UAE Energy Plan aims to cut CO2 emissions 70% by 2050

Dh700 million savings and Dh600 million investment in strategy to integrate clean fossil, renewable and nuclear energy.

ABU DHABI // Ambitious plans to boost clean energy and slash dependence on natural gas to generate power are at the centre of the UAE’s new energy policy for the next three decades.

The UAE Energy Plan 2050 aims to cut carbon dioxide emissions by 70 per cent, increase clean energy use by 50 per cent and improve energy efficiency by 40 per cent by the middle of the century, resulting in savings worth Dh700 billion.

The policy’s targets for the source of energy for local consumption by 2050 have been set at 44 per cent from renewable energy, 38 per cent from gas, 12 per cent from clean fossil and 6 per cent from nuclear energy. At the moment, more than 90 per cent of UAE’s energy needs are met by natural gas.

“Ensuring the sustainability of energy resources means ensuring the sustainability of the country’s growth,” said Sheikh Mohammed bin Rashid, Vice President and Ruler of Dubai, announcing the plan on Tuesday.

“The government has made an accomplishment in drafting the first unified energy strategy for the UAE covering production and consumption.

“Those who don’t think about energy aren’t thinking about the future.”

The integration of renewable, nuclear and clean fossil energy will be funded with investment of Dh600bn over the next 33 years, equating to an annual spend of more than Dh17bn.

Sheikh Mohammed said the first national energy strategy would ensure a balance between economic needs and environmental targets.

He said the plan would require the participation of all institutions and bodies in the energy sector, and all executive councils.

Despite being one of the top oil producers and exporters, the UAE is also looking to nuclear power to meet its increasing energy demands, with its first nuclear power plant, Barakah, completed this year.

The four-reactor plant will produce 25 per cent of the UAE’s energy needs when it is fully operational.

Sheikh Mohammed also called for a region-wide energy policy. “Gulf countries are similar in terms of economic structure and we hope to have a unified GCC energy strategy to ensure the sustainable development of our peoples and the global strength of our economies.”

This will be supervised by the Ministry of Energy and the Ministry of Cabinet Affairs and the Future.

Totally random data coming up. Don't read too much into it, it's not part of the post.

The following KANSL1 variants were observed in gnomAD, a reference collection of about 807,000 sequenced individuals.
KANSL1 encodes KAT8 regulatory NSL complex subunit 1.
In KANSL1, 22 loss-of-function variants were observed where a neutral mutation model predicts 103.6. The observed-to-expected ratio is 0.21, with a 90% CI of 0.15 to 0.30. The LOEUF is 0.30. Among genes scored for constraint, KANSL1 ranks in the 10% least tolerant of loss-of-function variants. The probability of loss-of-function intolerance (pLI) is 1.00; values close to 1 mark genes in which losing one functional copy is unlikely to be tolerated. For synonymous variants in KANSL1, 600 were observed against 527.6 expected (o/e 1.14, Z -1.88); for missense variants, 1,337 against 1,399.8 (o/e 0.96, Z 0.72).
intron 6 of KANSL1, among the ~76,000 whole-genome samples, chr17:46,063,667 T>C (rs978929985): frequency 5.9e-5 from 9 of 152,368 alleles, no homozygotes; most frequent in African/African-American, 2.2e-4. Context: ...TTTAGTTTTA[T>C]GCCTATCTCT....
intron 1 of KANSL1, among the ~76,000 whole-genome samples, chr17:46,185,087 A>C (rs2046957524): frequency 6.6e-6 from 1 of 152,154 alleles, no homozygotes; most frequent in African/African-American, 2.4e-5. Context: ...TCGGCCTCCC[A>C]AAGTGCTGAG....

Dr Thani Al Zeyoudi, Minister of Climate Change and Environment, said the policy was a great step towards the future for which the UAE strives.

“Our reliance on sustainable energy is a guaranteed step towards a better future for us and for future generations,” he said.

Sultan Al Jaber, Minister of State and chief executive of Adnoc, the Abu Dhabi National Oil Company, said the new policy was an important step towards energy security, which was the backbone of all economic and development activity.

“It specifies the energy mix components and includes both clean energy and gas, which is cleaner hydrocarbon fuel, clean coal and peaceful nuclear energy,” Dr Al Jaber said.

Mohammed Atif, the Middle East and Africa regional manager for energy consultancy DNV GL, said the policy was a significant increase on the previously announced targets.

“There were expectations within the industry that specifically, renewable energy targets would increase, but it is quite impressive to see the ambitious approach to energy efficiency as well,” he said.

“We are aware that a number of reforms and implementation plans are either under way or in early stages of execution so we look forward to a bright future.”

This is the UAE’s first nationwide energy strategy reaching 2050, with previous national energy targets looking to generate 30 per cent of power from clean sources by 2030.

However, Dubai set out its own plan two years ago to have clean energy sources make up 75 per cent of the emirate’s energy by 2050.

According to the latest figures from the International Energy Agency in 2014, half of the world’s energy supply came from oil and gas, close to 30 per cent from coal and nuclear at 5 per cent. Renewables – including hydropower, geothermal, solar, wind and heat – accounted for just 3.8 per cent of the total supply.​